In the case of card-on-file Tokenization, cardholders, generally, do not know that a Token has been issued to represent their account.  With the user experience that that issuers can provide their cardholders, cardholders benefit from increased visibility as to which merchants have their PAN and Token credentials on file, as well as the number of transactions associated with that merchant in the past thirteen (13) months.


Merchants may store the PAN or Token credentials when a cardholder initiates a transaction on an electronic commerce website or using a merchant application running on a device.  Merchants use those payment credentials to initiate a transaction at cardholder’s request.  Merchants participating in VAU receive updated account information from Visa when issuers replace or reissue the cardholder’s account credentials.  Additionally, those merchants who are also Token Requestors will automatically benefit from issuers’ lifecycle management changes to update credentials.

Acquirer and Acquirer Processor

Acquirers process transactions (including authorization, capture clearing, and exception processing) for their merchants and send the transactions to payment networks for further processing.Acquirers participating in VAU may request updated account information from Visa on behalf of their merchants.

Visa Developer Platform

Visa Developer Platform (VDP) is a common web portal for partners and developers that provides a single entry point for all Visa Developer tools. VDP is an API management platform to enable development teams to rapidly build and deploy APIs providing ideas and sample codes.  The COF Data API will be accessible to issuers, issuer processors, and delegated agents (e.g., issuers may have application vendors to develop issuer applications) through VDP.

Visa Account Updater

VAU is a service designed to address the requirements of account-on-file transactions and to enable the secure exchange of updated account information among participating issuers, acquirers, and qualified account-on-file merchants. VAU supports typical account renewals or card replacements; account upgrades or downgrades; portfolio acquisitions and/or mergers; lost/stolen cards; other account closures; and MasterCard-to-Visa conversions. VAU provides the platform for issuers to communicate the most current changes to cardholder account information through acquirers to merchants whose business models support electronic maintenance of customer account information. Participating merchants use updated cardholder account information to support account-on-file functions, such as recurring payments, subscription services, Internet “one-click” merchants, and preferred customer programs such as travel and entertainment (T&E) Gold cards. VAU is designed to offer an automated, dedicated, and secure clearinghouse to make changes to cardholder account information available in a timely, efficient, and cost-effective manner.

Visa Token Life Cycle Management

Payment Tokens may have various life cycle events like activation, deletion, suspension and reactivation. Token Life Cycle Management is an online web application offered to the clients through Visa Online (VOL) portal.  This service enables the clients to manage situations where cardholder devices with payments Tokens are lost, stolen or damaged and a Token status update is necessary.  This service can also be used to update the new PAN or PAN expiry date when the cards are reissued to the cardholders.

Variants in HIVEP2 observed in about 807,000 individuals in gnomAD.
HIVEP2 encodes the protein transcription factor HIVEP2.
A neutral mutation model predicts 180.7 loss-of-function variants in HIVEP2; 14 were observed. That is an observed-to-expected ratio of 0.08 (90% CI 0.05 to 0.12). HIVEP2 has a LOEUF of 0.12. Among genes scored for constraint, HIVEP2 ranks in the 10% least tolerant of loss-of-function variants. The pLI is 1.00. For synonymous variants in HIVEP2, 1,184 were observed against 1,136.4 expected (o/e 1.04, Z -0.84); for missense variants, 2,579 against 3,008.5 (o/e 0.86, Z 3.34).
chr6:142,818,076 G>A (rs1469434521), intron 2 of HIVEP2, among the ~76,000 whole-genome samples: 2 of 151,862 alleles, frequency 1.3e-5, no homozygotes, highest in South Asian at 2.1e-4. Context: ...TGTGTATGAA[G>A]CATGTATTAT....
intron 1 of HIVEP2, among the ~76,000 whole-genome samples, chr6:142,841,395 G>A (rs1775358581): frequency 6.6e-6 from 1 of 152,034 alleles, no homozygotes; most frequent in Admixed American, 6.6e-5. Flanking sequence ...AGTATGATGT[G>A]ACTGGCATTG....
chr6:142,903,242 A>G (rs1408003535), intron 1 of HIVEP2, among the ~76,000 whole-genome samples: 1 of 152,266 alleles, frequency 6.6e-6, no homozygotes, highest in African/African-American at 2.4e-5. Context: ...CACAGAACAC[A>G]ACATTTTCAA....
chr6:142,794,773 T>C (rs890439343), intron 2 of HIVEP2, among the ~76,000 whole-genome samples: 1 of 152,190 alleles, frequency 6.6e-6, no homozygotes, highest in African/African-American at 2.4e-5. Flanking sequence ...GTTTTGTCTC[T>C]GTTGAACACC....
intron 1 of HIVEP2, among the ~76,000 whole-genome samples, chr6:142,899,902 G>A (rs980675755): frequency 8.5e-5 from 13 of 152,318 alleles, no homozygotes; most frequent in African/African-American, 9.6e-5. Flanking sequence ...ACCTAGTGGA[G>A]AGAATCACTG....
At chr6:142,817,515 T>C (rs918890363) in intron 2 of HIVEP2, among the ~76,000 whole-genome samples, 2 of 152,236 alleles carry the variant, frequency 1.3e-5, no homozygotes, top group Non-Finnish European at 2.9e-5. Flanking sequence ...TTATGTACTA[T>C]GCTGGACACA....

Roles and Responsibilities

The following section outlines the roles and responsibilities for Visa and participating issuers regarding the API usage.


While Visa maintains sole discretion to offer and maintain the Visa Developer Platform, COF data API and all other products and services described herein, Visa presently intends to use reasonable efforts to—

  • Maintain the merchant information in its global merchant repository
  • Host Visa Developer Platform and maintain the sample code needed for the usage of COF data API on VDP
  • Review and maintain the services to comply with Visa global information security requirements and guidelines
  • Provide Level 2 and Level 3 operational support for the service


All participating issuers must—

  • Comply with applicable Terms of Use and participation agreements with Visa to participate in the service
  • Develop or enhance their mobile application and/or online banking portal and use the information provided by Visa to provide that data to their cardholders
  • Provide account-change (account number change, expiration date change, closed accounts etc.) information to VAU
  • Provide Level 1 Help desk support for clients (consumers / cardholders) that are using their mobile application and/or online banking portal
  • Ensure availability of the services within issuer host systems for the  interactions that requires issuers to send the request and receive the response from Visa

API Description

  1. Data elements shared:
    • Input to Card-On-File Data API (From Issuers) : PAN(s) (up to 10)
    • Output from Card-On-File Data API (To Issuers) : PAN, merchant name, # of transactions (on Visa) in last 13 months, VAU update flag, token requestor ID, last transaction date, last 4 digits of old PAN